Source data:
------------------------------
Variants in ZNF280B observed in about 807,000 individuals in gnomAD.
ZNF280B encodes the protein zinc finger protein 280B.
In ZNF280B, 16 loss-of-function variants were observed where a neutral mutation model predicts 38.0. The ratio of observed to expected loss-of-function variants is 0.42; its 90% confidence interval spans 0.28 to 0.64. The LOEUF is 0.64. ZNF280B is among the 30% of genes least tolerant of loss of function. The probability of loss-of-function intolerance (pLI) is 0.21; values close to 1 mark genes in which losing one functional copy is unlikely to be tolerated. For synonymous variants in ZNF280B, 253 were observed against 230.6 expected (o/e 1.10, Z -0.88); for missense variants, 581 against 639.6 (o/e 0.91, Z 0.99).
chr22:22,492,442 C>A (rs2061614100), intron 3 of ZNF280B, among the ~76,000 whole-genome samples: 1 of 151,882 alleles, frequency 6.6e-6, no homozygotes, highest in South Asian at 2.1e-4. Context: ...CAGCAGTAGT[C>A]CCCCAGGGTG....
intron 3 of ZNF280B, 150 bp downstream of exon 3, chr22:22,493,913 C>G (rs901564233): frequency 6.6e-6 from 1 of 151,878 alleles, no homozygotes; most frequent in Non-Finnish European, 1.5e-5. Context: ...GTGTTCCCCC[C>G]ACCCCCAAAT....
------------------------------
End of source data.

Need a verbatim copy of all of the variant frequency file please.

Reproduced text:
Variants in ZNF280B observed in about 807,000 individuals in gnomAD.
ZNF280B encodes the protein zinc finger protein 280B.
In ZNF280B, 16 loss-of-function variants were observed where a neutral mutation model predicts 38.0. The ratio of observed to expected loss-of-function variants is 0.42; its 90% confidence interval spans 0.28 to 0.64. The LOEUF is 0.64. ZNF280B is among the 30% of genes least tolerant of loss of function. The probability of loss-of-function intolerance (pLI) is 0.21; values close to 1 mark genes in which losing one functional copy is unlikely to be tolerated. For synonymous variants in ZNF280B, 253 were observed against 230.6 expected (o/e 1.10, Z -0.88); for missense variants, 581 against 639.6 (o/e 0.91, Z 0.99).
chr22:22,492,442 C>A (rs2061614100), intron 3 of ZNF280B, among the ~76,000 whole-genome samples: 1 of 151,882 alleles, frequency 6.6e-6, no homozygotes, highest in South Asian at 2.1e-4. Context: ...CAGCAGTAGT[C>A]CCCCAGGGTG....
intron 3 of ZNF280B, 150 bp downstream of exon 3, chr22:22,493,913 C>G (rs901564233): frequency 6.6e-6 from 1 of 151,878 alleles, no homozygotes; most frequent in Non-Finnish European, 1.5e-5. Context: ...GTGTTCCCCC[C>G]ACCCCCAAAT....